Back in 2020, I wrote this article in the Business Journal about marketing your business during COVID-19. Since then, I’ve been blown away by how quickly marketing tactics have evolved.
Consider the digital shift our culture has recently experienced:
- You can now meet with your doctor over a Zoom call
- Children can stay at home and still go to school
- Many businesses restricted to geographic boundaries are now sourcing new customers across the US
So how has this impacted your marketing?
Since many people are now accustomed to using Zoom or Facetime, doing business with a local company isn’t as important as it once was. This means that many local businesses are now competing with companies across the country, for the same customers.
One example of this trend is the increased competition that attorneys are facing. Just two years ago, most law firms wouldn’t target potential clients outside of their county because it would mean having to repeatedly go out of town to show up in court. But today, most courts use video conferencing which allows attorneys in Los Angeles, for example, to aggressively market in other cities.
This example has played out across numerous industries and it’s resulting in local businesses becoming more strategic and data-driven with their marketing.
The crazy thing is, this national/local dynamic has resulted in a golden age of marketing where the average local business is optimizing their marketing campaigns based on CAC (cost to acquire a customer), LTV (lifetime value), and CPL (cost per lead). These are things savvy marketers have been doing for years, but many local businesses traditionally lacked the time, knowledge, and budget to get the most out of their campaigns.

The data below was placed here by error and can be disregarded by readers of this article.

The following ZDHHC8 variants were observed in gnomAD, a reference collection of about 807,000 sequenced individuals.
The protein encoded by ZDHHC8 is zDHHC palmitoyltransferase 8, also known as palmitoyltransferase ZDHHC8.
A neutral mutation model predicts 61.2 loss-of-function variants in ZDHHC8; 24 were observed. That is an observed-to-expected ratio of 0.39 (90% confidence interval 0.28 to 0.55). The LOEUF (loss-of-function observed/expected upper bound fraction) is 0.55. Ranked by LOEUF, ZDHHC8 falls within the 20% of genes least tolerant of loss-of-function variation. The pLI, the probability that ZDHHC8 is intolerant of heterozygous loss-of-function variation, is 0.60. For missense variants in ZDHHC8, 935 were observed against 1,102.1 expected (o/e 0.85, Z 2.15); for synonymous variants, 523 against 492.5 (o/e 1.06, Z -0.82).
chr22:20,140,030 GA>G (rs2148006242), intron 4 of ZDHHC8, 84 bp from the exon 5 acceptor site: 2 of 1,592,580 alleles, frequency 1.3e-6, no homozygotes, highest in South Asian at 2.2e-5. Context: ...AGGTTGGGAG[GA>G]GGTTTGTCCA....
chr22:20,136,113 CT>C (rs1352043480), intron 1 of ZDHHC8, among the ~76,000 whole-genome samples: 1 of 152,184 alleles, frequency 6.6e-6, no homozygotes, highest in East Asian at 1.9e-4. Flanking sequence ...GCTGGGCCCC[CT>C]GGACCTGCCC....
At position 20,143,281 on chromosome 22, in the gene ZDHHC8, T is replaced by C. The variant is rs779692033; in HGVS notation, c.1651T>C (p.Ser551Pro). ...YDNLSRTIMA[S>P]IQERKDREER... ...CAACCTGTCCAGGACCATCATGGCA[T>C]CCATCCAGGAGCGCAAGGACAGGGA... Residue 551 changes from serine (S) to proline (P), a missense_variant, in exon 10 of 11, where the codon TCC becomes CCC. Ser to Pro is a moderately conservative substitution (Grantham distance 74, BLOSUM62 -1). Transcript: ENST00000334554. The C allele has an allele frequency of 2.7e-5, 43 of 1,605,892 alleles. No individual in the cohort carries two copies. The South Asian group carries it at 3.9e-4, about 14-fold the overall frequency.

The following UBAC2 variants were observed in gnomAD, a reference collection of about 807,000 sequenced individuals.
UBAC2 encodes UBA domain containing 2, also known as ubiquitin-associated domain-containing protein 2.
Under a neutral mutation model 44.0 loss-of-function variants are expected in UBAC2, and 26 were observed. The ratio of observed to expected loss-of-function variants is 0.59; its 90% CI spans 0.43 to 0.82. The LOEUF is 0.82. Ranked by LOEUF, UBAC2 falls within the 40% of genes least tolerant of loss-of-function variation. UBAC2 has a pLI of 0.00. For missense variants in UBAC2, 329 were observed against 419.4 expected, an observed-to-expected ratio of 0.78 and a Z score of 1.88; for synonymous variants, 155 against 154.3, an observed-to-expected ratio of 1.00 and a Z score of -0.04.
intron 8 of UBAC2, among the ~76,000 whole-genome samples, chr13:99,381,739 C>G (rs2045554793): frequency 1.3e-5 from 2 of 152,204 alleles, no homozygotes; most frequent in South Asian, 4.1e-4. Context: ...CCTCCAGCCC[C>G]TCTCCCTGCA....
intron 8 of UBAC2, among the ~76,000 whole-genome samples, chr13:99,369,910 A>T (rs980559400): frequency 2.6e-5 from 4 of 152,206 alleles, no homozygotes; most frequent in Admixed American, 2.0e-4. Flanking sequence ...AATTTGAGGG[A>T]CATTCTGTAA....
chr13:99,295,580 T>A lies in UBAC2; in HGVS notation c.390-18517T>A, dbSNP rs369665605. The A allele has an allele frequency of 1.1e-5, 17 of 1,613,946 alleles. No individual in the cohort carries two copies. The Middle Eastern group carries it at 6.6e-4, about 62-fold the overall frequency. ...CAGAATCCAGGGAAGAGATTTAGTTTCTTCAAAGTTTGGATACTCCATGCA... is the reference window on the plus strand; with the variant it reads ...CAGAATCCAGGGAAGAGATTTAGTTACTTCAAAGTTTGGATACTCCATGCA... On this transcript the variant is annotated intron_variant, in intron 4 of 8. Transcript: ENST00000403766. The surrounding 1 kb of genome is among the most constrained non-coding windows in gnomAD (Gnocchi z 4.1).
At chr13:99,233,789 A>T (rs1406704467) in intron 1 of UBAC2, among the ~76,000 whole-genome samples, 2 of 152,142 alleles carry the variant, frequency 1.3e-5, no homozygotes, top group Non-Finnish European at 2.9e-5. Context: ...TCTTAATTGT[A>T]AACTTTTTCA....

And this is what has drastically changed the most in the last year and a half!
Where should you start?
Every small to medium-sized business that has had a ton of success with its digital marketing has done two things better than most:
- Create tactics around the top, middle, and bottom of their sales funnel
- Define multiple conversion points (or KPIs), track their performance, and optimize based on the success
Top of the sales funnel
When advertising to potential customers, you should consider their stage in the sales funnel. Potential customers at the top of your funnel usually haven’t heard of your product or aren’t very familiar with it. So the primary goal of marketing at the top of the funnel is brand awareness. Top-of-funnel marketing channels include traditional outreach like TV, radio, and billboards; and also generally-targeted digital banner ads, Facebook, and Instagram ads as well.
Middle of the sales funnel
Potential clients that make it to the middle of your funnel have heard of your company or the product you sell, and they’re doing research, comparing you to your competitors. So the goal to reach potential clients in the middle of the sales funnel is to educate and persuade them – but not yet ask for the sale. Targeted ads on Facebook, Instagram, and YouTube are great middle-of-funnel marketing channels enabling you to reach potential customers.